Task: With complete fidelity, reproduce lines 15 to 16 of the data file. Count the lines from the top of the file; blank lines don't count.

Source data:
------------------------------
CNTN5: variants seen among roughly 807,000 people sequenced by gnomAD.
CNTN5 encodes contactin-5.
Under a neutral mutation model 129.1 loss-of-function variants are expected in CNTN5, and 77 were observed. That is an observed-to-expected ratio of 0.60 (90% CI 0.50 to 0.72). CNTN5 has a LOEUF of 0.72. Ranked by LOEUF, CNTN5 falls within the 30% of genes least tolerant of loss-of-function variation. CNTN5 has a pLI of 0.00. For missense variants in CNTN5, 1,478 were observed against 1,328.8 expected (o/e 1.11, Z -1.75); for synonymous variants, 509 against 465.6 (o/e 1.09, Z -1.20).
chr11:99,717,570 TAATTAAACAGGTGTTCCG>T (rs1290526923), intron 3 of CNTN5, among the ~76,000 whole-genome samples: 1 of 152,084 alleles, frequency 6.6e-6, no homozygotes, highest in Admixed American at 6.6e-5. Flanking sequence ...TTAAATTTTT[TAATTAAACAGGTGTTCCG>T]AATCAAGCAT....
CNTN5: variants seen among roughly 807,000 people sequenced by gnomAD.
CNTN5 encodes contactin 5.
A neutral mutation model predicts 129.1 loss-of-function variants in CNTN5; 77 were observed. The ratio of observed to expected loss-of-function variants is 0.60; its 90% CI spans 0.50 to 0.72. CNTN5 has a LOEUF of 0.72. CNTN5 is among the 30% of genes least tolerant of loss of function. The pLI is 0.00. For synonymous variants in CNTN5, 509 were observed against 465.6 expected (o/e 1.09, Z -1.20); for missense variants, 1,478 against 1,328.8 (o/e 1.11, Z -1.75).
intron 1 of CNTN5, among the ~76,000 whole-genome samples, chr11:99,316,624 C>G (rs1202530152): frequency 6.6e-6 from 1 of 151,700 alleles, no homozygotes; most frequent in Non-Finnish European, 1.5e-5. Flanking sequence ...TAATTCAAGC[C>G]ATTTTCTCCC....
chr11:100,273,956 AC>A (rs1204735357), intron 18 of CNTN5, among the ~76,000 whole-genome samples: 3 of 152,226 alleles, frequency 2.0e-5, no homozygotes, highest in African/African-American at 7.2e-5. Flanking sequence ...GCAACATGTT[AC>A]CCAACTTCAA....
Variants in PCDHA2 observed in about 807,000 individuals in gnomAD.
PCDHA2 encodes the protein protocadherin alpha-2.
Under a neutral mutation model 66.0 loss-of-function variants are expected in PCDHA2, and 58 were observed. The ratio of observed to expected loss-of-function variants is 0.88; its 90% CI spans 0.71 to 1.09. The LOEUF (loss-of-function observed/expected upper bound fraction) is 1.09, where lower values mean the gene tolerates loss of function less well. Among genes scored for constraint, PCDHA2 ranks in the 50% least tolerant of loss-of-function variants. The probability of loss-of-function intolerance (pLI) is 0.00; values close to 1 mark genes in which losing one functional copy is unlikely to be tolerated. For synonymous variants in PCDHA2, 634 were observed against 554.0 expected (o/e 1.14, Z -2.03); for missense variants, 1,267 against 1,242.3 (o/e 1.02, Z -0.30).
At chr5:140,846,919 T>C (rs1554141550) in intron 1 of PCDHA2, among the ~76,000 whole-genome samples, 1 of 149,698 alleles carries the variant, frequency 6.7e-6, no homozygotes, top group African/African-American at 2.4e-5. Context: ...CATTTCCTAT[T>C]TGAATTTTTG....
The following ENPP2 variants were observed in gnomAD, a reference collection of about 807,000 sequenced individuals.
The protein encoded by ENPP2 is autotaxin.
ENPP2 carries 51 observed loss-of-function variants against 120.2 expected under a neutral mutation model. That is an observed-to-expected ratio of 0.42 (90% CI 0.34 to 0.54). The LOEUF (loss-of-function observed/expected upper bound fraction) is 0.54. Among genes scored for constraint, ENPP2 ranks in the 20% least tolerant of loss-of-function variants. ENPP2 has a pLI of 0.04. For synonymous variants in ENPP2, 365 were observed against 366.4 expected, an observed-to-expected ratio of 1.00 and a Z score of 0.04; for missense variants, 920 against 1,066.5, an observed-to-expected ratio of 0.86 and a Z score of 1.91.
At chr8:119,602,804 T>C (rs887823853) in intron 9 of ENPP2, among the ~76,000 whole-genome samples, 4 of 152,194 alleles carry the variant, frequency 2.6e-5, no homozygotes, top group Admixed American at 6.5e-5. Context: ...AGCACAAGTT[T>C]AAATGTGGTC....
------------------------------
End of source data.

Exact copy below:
The protein encoded by ENPP2 is autotaxin.
ENPP2 carries 51 observed loss-of-function variants against 120.2 expected under a neutral mutation model. That is an observed-to-expected ratio of 0.42 (90% CI 0.34 to 0.54). The LOEUF (loss-of-function observed/expected upper bound fraction) is 0.54. Among genes scored for constraint, ENPP2 ranks in the 20% least tolerant of loss-of-function variants. ENPP2 has a pLI of 0.04. For synonymous variants in ENPP2, 365 were observed against 366.4 expected, an observed-to-expected ratio of 1.00 and a Z score of 0.04; for missense variants, 920 against 1,066.5, an observed-to-expected ratio of 0.86 and a Z score of 1.91.